Yesterday (May 31), hundreds gathered in front a prayer wall outside of the historic Vernon African Methodist Episcopal Church in Tulsa’s Greenwood neighborhood that was being dedicated to the loss the church and city suffered during the Tulsa Race Massacre 100 years ago to the date.
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Revs. Jesse Jackson and William Barber were in attendance of the service that highlighted the thriving independence of the Greenwood neighborhood, along with Rep. Lisa Blunt Rochester and more who came to show their support to reparations in Tulsa.
“We’re here to remember, to mourn, to rebuild equitably,” Rochester said according to AP News, while Barber added that he was “humbled [to] even stand on this holy ground.“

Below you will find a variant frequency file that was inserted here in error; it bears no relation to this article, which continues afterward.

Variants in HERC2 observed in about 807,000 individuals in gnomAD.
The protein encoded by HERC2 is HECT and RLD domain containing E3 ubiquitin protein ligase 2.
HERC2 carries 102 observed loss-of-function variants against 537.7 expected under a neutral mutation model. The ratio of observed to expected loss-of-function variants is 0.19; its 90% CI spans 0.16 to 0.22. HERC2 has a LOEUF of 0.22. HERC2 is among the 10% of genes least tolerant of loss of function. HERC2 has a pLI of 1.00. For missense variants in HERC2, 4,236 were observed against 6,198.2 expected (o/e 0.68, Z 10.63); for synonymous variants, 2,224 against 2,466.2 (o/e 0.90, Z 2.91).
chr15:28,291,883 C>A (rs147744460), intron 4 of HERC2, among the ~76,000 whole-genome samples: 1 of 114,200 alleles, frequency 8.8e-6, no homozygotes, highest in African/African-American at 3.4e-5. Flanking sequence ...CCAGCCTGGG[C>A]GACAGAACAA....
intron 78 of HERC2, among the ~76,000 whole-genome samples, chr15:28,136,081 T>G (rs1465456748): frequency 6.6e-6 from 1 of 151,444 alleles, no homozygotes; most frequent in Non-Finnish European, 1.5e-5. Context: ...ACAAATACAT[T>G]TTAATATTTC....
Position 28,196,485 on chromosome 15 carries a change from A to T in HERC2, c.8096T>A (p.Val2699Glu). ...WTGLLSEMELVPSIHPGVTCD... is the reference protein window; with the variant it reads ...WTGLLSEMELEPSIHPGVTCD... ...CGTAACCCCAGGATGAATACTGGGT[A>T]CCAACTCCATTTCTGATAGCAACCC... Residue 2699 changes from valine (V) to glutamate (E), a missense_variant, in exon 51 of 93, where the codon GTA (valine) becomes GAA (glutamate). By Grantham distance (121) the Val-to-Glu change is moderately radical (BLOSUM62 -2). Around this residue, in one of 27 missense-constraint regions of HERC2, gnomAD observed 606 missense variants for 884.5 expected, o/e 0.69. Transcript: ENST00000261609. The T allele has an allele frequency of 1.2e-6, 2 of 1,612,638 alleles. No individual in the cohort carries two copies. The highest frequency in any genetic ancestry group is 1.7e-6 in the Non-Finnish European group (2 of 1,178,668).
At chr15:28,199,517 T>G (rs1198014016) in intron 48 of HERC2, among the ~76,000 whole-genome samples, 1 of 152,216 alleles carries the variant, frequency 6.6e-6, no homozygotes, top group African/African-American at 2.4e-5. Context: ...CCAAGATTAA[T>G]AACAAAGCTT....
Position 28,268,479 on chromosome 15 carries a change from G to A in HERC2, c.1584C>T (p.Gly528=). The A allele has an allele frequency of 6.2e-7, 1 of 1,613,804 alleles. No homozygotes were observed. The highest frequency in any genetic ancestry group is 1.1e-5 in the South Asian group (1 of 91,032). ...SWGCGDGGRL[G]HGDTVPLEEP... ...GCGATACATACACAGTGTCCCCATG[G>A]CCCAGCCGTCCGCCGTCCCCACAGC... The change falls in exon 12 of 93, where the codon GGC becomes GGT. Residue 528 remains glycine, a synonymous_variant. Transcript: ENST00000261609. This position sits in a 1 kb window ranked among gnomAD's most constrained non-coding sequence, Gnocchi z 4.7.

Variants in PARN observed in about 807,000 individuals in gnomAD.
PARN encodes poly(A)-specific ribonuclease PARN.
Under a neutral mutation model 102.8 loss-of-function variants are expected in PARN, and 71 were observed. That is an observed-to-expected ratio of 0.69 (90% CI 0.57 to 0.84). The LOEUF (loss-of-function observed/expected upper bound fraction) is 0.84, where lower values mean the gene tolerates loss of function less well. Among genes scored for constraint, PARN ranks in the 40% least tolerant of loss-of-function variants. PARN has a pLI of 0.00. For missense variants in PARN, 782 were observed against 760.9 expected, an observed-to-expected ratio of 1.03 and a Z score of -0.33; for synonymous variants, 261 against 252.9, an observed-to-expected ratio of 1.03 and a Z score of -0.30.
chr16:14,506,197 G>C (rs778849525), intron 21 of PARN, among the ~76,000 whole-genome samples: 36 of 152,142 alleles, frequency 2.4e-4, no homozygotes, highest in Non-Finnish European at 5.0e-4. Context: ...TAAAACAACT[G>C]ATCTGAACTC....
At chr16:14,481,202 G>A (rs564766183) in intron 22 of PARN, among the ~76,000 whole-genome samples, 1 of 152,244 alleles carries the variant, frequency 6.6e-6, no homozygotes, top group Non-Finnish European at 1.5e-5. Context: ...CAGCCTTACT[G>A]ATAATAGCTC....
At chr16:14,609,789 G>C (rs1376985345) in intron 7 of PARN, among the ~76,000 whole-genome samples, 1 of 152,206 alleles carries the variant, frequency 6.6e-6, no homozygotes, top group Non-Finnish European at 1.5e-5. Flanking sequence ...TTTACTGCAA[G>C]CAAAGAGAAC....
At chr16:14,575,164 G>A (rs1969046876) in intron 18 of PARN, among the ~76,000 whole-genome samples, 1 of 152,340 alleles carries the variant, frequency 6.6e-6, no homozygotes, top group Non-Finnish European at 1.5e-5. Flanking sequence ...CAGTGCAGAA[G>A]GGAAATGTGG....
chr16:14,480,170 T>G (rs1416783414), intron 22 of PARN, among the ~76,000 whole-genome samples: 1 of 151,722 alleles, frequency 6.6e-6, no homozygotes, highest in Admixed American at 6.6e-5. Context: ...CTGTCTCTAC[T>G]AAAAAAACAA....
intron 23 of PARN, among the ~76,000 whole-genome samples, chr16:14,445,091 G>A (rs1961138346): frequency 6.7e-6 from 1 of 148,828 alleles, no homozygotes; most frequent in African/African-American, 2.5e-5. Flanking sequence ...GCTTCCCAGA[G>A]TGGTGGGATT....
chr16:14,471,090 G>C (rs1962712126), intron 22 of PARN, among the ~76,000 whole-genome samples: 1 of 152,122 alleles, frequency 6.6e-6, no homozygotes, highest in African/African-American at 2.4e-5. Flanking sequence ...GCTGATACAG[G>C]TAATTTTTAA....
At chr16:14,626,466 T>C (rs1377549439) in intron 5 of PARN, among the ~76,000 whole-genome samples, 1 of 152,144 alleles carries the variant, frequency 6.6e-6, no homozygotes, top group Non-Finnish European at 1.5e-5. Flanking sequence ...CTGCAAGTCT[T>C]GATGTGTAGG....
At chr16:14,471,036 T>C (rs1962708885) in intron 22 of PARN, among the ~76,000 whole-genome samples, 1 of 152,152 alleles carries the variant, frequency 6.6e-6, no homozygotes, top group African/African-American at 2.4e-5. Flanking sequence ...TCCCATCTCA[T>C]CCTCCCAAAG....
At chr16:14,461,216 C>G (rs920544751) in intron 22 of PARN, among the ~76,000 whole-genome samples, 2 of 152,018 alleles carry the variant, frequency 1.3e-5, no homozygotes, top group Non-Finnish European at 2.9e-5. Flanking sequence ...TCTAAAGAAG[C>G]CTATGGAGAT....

Vernon African Methodist Episcopal Church was under construction when it was destroyed in the massacre of 1921 that included too many burnings, looting and killings to count. Despite being destroyed, churchgoers continued to meet in the basement of the building and it became known as a symbol of resilience of Tulsa’s Black community. It took a few decades to restore, but the city made it happened and in 2018, Vernon African Methodist Episcopal Church was added to the National Register of Historic Places.
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